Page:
In Zambia, we, along with our partners, continue to work with the Government to respond to COVID-19 and its impacts.  The UN has helped 166 healthcare facilities and isolation centres improve their water, sanitation and hygiene infrastructure and have provided chlorine, handwashing stations, and medical waste bins. Our colleagues on the ground are helping procure 10 ventilators. We are helping to distribute hygiene supplies to more than 700 schools and helped to produce child-friendly messages on COVID-19 to air over the radio in local languages. More than a million people have been reached with messages on safe hygiene practices, gender-based violence services and virus prevention.
Starting this month, the UN will provide cash transfers to some 656,000 vulnerable and food insecure people for the next six months in Zambia.
Our colleagues at the UN Refugee Agency (UNHCR) said today that more than 3,000 refugees from the Democratic Republic of the Congo arrived in Uganda between Wednesday and Friday last week during a temporary opening of two border crossing points in north-western Uganda.
UNHCR and its partners have provided essential items, including tents, water tanks, toilets, and others to help the newly-arrived refugees.
UNHCR welcomes the decision by the Government of Uganda to allow the group of refugees to enter the country and receive life-saving help as well as protection. UNHCR says that this effort demonstrates how, through quarantines, health screenings and other measures, States can uphold their obligations under international law during the pandemic while, at the same time, limiting potential transmission of the virus.
The High-level Political Forum on Sustainable Development (HLPF) began today with the theme of “Accelerated action and transformative pathways: realizing the decade of action and delivery for sustainable development.”
The Forum this year is examining the severe impacts of the pandemic on the progress in the implementation of the 2030 Agenda and Sustainable Development Goals (SDGs). Today’s opening session examined how the SDGs can serve as a guidepost for building back better and leaving no one behind. It also highlighted the importance of international solidarity and a multilateral response to the pandemic.
Regional dimensions and countries at different levels of development, including middle-income countries, data and institutions for integrated policy making, were also in focus during the morning session.
This afternoon, the HLPF will convene to discuss protecting and advancing human wellbeing and ending poverty, ending hunger and achieving food security.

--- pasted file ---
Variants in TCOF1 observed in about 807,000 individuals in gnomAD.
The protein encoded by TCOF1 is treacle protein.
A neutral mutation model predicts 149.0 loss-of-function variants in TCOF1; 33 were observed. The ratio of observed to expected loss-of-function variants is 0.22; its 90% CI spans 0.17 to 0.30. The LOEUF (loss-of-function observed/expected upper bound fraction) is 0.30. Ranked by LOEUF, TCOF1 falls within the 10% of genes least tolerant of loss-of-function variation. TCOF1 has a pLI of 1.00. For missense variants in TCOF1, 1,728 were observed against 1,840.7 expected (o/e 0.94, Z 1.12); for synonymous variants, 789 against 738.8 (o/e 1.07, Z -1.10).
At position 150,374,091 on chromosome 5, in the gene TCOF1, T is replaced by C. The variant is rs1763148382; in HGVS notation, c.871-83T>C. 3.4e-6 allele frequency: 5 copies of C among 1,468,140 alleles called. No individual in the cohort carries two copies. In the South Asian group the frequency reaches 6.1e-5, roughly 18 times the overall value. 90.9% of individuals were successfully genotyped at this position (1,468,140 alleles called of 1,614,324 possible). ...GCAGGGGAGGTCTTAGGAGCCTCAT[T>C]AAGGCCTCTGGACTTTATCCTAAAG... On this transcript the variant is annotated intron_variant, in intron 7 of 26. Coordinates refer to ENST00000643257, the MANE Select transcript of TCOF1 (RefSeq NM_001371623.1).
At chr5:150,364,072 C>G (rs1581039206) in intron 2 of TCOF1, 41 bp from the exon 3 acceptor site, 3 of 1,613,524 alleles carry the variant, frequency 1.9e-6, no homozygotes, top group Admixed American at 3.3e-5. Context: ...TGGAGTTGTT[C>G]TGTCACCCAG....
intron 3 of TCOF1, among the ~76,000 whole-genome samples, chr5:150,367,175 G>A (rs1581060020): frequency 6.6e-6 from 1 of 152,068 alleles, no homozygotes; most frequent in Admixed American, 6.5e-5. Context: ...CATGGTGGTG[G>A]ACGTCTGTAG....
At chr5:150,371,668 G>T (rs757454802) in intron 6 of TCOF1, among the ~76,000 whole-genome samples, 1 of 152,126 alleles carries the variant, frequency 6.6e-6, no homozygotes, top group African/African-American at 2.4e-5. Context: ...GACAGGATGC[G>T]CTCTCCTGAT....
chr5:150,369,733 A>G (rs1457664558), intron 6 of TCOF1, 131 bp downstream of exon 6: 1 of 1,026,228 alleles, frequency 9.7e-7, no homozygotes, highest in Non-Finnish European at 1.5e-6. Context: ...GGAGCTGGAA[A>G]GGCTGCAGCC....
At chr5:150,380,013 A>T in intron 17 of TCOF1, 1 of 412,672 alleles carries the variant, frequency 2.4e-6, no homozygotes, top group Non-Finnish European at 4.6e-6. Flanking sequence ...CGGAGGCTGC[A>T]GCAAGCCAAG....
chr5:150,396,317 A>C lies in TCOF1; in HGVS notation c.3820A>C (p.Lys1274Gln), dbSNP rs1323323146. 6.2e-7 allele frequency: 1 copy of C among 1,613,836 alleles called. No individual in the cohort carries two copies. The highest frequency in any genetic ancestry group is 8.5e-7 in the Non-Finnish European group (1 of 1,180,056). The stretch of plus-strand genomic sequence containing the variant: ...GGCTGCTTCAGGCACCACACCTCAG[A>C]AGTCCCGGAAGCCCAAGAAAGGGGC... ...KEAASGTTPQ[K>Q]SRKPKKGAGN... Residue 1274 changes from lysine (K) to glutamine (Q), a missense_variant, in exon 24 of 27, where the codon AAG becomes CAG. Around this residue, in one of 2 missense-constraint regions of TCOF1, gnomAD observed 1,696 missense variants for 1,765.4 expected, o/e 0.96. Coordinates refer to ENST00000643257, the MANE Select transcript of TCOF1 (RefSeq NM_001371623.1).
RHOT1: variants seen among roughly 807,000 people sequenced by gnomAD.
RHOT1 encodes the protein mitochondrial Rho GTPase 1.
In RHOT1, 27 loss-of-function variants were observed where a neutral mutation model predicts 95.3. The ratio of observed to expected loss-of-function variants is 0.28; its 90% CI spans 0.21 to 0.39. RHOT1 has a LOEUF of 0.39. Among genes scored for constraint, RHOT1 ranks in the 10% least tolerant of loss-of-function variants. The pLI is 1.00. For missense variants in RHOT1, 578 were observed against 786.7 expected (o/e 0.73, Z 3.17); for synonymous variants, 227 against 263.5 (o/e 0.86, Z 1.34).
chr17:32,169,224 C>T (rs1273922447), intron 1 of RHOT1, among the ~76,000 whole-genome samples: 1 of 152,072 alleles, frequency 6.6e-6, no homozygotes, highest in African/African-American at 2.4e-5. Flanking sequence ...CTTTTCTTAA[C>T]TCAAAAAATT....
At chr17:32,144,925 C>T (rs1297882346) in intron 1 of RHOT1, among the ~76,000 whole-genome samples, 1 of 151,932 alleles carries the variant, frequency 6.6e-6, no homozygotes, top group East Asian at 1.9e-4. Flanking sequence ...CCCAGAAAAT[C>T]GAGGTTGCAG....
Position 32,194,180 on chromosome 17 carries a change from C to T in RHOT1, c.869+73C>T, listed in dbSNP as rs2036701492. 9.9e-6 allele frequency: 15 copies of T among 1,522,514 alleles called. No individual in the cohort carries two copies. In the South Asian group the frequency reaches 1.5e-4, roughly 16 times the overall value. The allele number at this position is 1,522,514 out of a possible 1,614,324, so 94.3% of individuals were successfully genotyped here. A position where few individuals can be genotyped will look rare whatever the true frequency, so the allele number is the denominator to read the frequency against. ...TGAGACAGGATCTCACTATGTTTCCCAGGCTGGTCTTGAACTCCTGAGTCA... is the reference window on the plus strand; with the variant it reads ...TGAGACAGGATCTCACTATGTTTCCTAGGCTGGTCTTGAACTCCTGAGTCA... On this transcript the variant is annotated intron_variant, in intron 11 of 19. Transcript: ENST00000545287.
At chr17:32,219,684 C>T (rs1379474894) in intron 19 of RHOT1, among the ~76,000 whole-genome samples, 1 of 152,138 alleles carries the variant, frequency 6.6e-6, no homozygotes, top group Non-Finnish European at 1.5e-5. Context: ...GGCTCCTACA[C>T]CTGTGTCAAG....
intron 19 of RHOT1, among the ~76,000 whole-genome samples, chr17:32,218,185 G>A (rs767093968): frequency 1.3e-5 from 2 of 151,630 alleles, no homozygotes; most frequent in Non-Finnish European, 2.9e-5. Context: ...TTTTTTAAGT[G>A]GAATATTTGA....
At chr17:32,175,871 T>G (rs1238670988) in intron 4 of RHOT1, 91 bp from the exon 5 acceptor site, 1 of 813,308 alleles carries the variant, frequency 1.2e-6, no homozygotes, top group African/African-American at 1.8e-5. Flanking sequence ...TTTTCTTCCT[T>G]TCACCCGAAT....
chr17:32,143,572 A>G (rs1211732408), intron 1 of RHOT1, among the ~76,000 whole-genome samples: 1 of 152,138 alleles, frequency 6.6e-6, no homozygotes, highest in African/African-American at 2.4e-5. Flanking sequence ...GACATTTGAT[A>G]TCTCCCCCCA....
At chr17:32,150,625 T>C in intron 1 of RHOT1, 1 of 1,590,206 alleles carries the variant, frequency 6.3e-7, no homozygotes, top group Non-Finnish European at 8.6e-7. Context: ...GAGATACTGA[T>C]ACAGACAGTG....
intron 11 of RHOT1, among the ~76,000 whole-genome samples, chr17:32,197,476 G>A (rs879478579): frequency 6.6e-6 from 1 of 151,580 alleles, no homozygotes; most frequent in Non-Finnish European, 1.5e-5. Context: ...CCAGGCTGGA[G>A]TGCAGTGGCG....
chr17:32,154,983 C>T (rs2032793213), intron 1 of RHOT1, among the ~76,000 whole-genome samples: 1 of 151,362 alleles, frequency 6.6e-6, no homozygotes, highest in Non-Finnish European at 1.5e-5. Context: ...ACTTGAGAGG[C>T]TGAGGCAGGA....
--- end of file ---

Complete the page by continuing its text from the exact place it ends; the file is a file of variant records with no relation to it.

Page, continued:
I wanted to flag an interesting new and timely series put together by our colleagues in the Department of Global Communications’ Outreach Programme on the transatlantic slave trade, the Holocaust and the 1994 genocide against the Tutsi in Rwanda.
Tomorrow, at 11:00 am, they will launch a live virtual discussion series named “Beyond the Long Shadow: Engaging with Difficult Histories.” The aim of the series is to develop a deeper understanding of the legacies of these painful histories and to consider how to best build a world that is just, where all can live in dignity and peace.
In the first episode, an expert panel will consider what role statues, memorials, museums and memorialization after atrocity crimes might play in furthering the interests of justice.
The event can be viewed here: https://bit.ly/2VMIsLB.
Yesterday, we mentioned the beginning of the Virtual Counter-Terrorism Week. Today, I’d like to flag that the Counter-Terrorism Centre has launched a virtual exhibit that showcases its work to prevent and counter terrorism and violent extremism through capacity building around the world.
You can see the expo online at http://www.un.org/counter-terrorism-expo.
Finally, we give a hearty thank you to our friends in the Marshall Islands for their full payment to this year’s regular budget, which brings us up to the beautiful number of 103. 
*** The guests at the Noon Briefing were Liu Zhenmin, the Under-Secretary-General for Economic and Social Affairs (DESA), along with DESA’s Francesca Perucci, Chief of the Statistical Services Branch, and Yongyi Min, Chief of the Sustainable Development Goals Monitoring Section. They briefed reporters on the key findings of the 2020 Sustainable Development Goals report, which was launched today at the opening of the High-level Political Forum on Sustainable Development (HLPF).